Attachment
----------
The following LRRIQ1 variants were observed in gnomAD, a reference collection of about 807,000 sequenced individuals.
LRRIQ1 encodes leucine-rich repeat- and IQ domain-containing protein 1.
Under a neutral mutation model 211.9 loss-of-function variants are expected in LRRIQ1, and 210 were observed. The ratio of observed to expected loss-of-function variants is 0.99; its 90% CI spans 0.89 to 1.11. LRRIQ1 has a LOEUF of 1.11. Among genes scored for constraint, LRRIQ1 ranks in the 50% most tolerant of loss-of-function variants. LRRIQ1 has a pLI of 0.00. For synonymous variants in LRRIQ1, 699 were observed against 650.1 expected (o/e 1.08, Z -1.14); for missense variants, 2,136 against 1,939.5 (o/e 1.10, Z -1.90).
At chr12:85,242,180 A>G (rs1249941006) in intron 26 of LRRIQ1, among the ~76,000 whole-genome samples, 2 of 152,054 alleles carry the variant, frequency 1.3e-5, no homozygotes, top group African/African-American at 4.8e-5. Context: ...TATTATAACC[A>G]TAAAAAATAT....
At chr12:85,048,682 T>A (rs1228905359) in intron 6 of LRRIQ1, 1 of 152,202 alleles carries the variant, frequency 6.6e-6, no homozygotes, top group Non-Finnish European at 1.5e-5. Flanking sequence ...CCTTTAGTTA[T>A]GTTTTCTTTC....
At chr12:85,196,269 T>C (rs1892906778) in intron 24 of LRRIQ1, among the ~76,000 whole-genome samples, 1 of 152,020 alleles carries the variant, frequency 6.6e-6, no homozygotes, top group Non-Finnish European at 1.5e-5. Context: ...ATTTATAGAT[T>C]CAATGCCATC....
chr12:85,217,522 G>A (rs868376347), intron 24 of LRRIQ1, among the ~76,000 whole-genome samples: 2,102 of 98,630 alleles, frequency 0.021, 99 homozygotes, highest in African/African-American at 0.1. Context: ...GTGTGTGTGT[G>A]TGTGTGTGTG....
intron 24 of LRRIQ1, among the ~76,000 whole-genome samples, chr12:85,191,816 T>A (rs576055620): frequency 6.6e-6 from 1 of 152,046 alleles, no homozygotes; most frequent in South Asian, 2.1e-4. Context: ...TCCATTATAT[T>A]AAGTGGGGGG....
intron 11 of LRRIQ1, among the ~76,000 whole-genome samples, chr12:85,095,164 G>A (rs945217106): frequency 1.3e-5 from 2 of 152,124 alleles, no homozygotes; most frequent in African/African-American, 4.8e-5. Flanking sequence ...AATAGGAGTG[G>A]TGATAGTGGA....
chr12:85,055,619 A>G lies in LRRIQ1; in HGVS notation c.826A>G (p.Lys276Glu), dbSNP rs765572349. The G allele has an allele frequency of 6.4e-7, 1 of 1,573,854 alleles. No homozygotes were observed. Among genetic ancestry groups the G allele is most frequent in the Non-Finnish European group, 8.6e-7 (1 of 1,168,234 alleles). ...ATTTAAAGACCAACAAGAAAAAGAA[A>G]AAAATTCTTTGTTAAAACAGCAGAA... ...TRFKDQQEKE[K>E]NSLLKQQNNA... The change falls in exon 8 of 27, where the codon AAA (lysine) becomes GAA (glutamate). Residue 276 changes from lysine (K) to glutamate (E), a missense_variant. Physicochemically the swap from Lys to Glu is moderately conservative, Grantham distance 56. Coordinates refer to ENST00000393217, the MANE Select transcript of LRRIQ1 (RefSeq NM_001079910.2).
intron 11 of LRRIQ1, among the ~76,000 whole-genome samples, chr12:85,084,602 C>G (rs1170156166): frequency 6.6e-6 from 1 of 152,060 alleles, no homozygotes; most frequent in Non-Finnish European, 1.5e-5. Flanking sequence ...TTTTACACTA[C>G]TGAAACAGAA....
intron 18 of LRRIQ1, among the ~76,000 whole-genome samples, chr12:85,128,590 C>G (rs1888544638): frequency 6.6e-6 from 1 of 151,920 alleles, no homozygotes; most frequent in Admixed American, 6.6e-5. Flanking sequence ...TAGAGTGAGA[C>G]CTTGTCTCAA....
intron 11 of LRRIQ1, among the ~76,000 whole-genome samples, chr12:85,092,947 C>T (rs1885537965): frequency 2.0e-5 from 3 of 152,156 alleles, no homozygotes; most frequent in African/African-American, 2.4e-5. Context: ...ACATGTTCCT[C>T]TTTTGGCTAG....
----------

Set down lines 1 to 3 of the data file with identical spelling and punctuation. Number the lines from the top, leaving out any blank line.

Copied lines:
The following LRRIQ1 variants were observed in gnomAD, a reference collection of about 807,000 sequenced individuals.
LRRIQ1 encodes leucine-rich repeat- and IQ domain-containing protein 1.
Under a neutral mutation model 211.9 loss-of-function variants are expected in LRRIQ1, and 210 were observed. The ratio of observed to expected loss-of-function variants is 0.99; its 90% CI spans 0.89 to 1.11. LRRIQ1 has a LOEUF of 1.11. Among genes scored for constraint, LRRIQ1 ranks in the 50% most tolerant of loss-of-function variants. LRRIQ1 has a pLI of 0.00. For synonymous variants in LRRIQ1, 699 were observed against 650.1 expected (o/e 1.08, Z -1.14); for missense variants, 2,136 against 1,939.5 (o/e 1.10, Z -1.90).